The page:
InfoQ: Can you talk about how managers and leaders can enable agility in organizations?

Dittmar: I think first of all leaders really have to understand the principles behind complexity, systems thinking and agile principles. They have to understand why traditional hierarchies and a 20th century management style based on command and control does not work in our fast changing and complex world. And not only do they have to understand how Scrum and Agile works but even more important they need to understand why it works. They need to understand the psychological background to find their role and to really support the values and culture that an agile organization needs.

As soon as they have found their mindset and attitude their main role would be to support self-organization and organizational change as well as to develop and evolve the company vision. An aligned and collaborative management layer could act as an Enterprise Transition Team, e.g. introducing Scrum with Scrum, supporting and challenging Scrum Masters and Product Owners and taking care about the major impediments.

For all this it needs a major change in attitude and values. But you also need hands on practices to find your new role and perspective as a leader. That’s where the ideas, practices and stories of Management 3.0 and #Workout can help a lot.

InfoQ: Can you describe what Management 3.0 is and what it is not.

Dittmar: Management 3.0 is definitely not a framework that you can implement like Scrum or CMMI with certain rules, roles and artifacts. I see Management 3.0 more as a mindset and attitude what it really means to be a servant leader together. All this is based on a broad understanding about psychology and how to change complex social systems. That’s why Management 3.0 consists of some core principles that describe this mindset in combination with many, many practices showing how to implement this mindset wherever and whenever you need it.

As more and more organizations have to deal with complexity and try to implement agile processes and frameworks, the need for a new role model for management and leaders is growing. This might be the reason why I see growing interest, even in big "old economy" companies like car manufacturers, insurance companies or publishers, to work with Management 3.0 practices. I already have many customers from this part of the economy.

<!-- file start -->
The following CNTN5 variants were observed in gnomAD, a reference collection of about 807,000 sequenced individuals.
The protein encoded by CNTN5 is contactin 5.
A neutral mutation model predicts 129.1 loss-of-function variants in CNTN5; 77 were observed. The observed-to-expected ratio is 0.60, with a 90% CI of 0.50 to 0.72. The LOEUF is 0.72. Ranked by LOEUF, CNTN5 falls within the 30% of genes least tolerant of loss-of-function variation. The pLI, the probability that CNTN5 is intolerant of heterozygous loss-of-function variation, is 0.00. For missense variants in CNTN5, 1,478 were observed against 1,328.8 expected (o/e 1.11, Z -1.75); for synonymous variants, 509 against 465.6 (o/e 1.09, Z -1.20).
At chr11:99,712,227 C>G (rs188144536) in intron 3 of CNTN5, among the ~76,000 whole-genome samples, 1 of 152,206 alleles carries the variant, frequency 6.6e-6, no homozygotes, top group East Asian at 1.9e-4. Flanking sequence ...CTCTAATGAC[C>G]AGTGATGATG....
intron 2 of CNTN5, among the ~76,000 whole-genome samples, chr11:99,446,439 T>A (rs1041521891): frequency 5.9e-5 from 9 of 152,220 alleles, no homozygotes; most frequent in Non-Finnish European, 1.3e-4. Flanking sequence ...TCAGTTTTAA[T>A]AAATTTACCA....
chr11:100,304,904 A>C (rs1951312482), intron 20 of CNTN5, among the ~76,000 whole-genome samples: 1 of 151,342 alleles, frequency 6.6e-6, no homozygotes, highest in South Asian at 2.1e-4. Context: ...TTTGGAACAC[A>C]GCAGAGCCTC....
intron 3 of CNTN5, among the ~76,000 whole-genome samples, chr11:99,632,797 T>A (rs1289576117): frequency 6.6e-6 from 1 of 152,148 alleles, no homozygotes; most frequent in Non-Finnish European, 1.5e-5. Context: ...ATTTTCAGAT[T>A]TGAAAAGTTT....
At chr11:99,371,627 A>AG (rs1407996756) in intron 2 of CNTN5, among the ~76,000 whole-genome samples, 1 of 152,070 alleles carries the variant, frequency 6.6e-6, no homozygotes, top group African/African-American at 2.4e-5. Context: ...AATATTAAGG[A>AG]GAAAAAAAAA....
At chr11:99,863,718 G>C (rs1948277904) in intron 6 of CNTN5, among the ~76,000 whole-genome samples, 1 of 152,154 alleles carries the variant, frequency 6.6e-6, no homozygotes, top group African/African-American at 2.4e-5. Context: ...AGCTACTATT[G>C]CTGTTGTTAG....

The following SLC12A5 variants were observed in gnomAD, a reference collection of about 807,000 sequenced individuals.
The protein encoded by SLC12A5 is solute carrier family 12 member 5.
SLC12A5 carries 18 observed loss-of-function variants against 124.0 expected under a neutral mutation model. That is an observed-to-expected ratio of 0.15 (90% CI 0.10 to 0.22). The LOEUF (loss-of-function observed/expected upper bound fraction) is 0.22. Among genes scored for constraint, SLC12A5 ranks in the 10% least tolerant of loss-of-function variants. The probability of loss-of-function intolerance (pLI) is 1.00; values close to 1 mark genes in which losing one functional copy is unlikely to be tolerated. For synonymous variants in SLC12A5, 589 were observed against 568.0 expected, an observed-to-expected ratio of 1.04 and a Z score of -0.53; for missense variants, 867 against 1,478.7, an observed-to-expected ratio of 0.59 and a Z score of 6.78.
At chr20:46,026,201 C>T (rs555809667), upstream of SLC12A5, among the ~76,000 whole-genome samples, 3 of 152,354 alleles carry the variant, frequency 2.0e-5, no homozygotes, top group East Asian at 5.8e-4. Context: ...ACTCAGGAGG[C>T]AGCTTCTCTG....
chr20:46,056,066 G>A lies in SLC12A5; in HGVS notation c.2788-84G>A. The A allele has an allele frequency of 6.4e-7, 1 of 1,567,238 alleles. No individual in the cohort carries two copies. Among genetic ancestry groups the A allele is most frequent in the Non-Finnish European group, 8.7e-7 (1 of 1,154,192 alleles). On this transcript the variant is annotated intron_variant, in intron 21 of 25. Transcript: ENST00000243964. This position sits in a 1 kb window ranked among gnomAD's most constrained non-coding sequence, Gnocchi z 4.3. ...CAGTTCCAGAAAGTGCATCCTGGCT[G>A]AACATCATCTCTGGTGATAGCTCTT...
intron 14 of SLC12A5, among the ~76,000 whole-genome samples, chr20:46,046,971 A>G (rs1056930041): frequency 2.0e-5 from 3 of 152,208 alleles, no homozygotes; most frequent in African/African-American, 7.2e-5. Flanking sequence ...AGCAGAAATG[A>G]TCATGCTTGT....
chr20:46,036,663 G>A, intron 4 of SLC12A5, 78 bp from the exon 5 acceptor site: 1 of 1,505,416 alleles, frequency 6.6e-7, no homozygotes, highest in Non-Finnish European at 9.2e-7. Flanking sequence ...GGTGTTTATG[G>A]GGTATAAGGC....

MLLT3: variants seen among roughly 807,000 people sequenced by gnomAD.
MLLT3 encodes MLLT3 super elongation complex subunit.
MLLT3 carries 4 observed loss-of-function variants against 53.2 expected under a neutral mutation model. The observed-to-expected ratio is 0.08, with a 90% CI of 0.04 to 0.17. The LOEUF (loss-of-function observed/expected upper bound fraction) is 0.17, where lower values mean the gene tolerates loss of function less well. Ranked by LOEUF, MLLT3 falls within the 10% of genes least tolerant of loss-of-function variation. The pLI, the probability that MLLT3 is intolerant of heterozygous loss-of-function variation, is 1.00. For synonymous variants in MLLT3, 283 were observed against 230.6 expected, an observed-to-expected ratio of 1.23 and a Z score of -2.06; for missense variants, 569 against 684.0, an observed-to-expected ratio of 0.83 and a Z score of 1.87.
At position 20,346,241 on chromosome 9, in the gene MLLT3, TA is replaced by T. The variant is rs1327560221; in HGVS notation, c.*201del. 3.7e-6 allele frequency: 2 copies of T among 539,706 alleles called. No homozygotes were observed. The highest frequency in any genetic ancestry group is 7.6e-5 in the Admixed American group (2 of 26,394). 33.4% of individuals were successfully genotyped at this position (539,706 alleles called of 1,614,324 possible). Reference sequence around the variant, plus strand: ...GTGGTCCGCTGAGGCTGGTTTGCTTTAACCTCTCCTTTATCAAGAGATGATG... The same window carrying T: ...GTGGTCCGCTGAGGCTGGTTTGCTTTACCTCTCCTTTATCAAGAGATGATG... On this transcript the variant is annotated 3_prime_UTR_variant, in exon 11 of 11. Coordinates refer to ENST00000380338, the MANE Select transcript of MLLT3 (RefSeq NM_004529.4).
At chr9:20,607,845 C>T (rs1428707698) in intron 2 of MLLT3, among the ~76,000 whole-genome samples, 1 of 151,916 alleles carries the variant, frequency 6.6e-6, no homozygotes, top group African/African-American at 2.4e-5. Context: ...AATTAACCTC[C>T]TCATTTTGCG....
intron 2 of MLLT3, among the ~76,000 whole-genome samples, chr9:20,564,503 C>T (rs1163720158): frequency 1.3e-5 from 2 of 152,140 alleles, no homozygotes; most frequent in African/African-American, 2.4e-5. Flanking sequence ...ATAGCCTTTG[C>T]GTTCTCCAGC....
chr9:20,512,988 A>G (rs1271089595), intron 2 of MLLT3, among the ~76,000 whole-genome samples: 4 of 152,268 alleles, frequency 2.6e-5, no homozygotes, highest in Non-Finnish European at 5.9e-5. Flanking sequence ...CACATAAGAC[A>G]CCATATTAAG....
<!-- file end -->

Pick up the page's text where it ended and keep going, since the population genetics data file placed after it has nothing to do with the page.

InfoQ: Do you have examples of how organizations have used Management 3.0 to implement servant and transformational leadership in agile?

Dittmar: Within the last three years I saw many examples in my workshops, consulting practice and Management 3.0 meetups. And there is a big variety of organizations. It stretches from managers in big conservative organizations who just experiment with some Management 3.0 practices to organizations living Management 3.0 to a very high degree, where everybody in a kind of management role is asked visit an Management 3.0 course.

But talking about examples: nearly everybody I know started working with practices like "Delegation Poker" or "Moving Motivators" in their teams or with their managers. Those are very effective tools you can use in any organization just to make delegation and motivation structures visible and to help people and teams to improve. Starting from Management 3.0 discussions I also saw many managers and organizations seriously thinking about the negative impact of their bonus system, and some organization actually eliminated these tools.

Better KPIs, feedback, problem solving, communication, etc. – Management 3.0 has a lot of ideas to really address existing problems in organizations. And the good thing with Management 3.0 is: you can start today. Practices like "Delegation Board", "Kudo Cards" or "Moving Motivators" can be introduced and used just in the next team meeting. Dealing with other core problems like bonuses and tools like the "Salary Formula" of course requires active involvement and support from top management and departments like HR. But this really can support changing the culture of an organization.

InfoQ: Where can we find more information about Management 3.0?

Dittmar: Besides the three books (Management 3.0, How to change the world, #Workout) there is a lot of information on the Management3.0 website available. There you can download exercises and games and even the new #Workout book. Also the website of Happy Melly – which is the organization behind the Management 3.0 brand - offers many Management 3.0 stories and ideas. And I’m sure besides me all my colleagues acting as Management 3.0 facilitators would also be happy to help with sharing information and experiences.